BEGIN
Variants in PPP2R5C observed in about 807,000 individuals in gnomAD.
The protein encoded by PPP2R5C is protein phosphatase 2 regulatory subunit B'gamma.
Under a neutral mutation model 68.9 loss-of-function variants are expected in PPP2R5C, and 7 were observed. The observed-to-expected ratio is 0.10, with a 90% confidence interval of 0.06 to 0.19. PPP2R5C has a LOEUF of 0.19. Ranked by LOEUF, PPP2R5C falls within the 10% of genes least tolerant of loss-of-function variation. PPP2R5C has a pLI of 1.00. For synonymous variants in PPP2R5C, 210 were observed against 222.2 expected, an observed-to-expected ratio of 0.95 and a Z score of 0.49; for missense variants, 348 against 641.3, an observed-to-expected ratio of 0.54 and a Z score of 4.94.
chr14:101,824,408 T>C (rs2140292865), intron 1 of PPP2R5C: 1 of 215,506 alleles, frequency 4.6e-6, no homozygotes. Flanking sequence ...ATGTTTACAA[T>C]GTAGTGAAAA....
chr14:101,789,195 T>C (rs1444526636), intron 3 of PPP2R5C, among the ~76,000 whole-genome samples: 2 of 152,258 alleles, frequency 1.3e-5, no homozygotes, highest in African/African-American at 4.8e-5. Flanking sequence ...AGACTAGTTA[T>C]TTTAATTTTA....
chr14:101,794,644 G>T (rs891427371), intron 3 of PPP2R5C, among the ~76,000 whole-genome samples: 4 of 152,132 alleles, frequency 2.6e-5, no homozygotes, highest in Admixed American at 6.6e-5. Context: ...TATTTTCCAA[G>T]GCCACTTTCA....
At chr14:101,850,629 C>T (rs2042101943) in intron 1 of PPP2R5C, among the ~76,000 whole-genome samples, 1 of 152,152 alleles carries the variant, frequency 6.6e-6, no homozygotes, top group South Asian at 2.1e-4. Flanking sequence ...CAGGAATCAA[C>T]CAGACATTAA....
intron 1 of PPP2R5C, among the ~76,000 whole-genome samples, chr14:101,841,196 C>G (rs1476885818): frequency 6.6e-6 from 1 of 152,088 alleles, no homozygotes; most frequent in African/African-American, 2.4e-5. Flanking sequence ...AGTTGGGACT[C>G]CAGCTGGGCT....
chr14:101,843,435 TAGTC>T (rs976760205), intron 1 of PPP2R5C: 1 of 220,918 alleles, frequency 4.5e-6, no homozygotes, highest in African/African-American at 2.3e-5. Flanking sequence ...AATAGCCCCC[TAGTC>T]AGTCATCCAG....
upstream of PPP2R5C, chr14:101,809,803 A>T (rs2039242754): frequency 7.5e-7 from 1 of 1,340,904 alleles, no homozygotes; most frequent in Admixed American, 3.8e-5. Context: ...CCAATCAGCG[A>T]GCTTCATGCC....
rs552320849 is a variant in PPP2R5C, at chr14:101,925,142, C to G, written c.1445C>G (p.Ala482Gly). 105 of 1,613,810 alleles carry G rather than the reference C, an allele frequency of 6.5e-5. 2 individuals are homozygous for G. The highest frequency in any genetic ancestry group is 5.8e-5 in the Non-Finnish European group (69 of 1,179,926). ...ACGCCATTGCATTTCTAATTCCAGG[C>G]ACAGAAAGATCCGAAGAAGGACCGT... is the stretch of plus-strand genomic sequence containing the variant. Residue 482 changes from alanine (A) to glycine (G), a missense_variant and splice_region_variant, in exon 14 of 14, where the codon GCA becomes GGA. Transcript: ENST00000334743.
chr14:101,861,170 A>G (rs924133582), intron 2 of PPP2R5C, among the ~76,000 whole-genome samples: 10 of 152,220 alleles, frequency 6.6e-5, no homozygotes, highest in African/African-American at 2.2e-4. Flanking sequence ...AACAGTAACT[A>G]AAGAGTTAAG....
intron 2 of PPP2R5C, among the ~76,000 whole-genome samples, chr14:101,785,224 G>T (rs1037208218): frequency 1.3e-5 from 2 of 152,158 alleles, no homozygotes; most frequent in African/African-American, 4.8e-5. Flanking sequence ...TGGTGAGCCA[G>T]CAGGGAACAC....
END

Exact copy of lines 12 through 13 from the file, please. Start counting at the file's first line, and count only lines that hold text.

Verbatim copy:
chr14:101,861,170 A>G (rs924133582), intron 2 of PPP2R5C, among the ~76,000 whole-genome samples: 10 of 152,220 alleles, frequency 6.6e-5, no homozygotes, highest in African/African-American at 2.2e-4. Flanking sequence ...AACAGTAACT[A>G]AAGAGTTAAG....
intron 2 of PPP2R5C, among the ~76,000 whole-genome samples, chr14:101,785,224 G>T (rs1037208218): frequency 1.3e-5 from 2 of 152,158 alleles, no homozygotes; most frequent in African/African-American, 4.8e-5. Flanking sequence ...TGGTGAGCCA[G>T]CAGGGAACAC....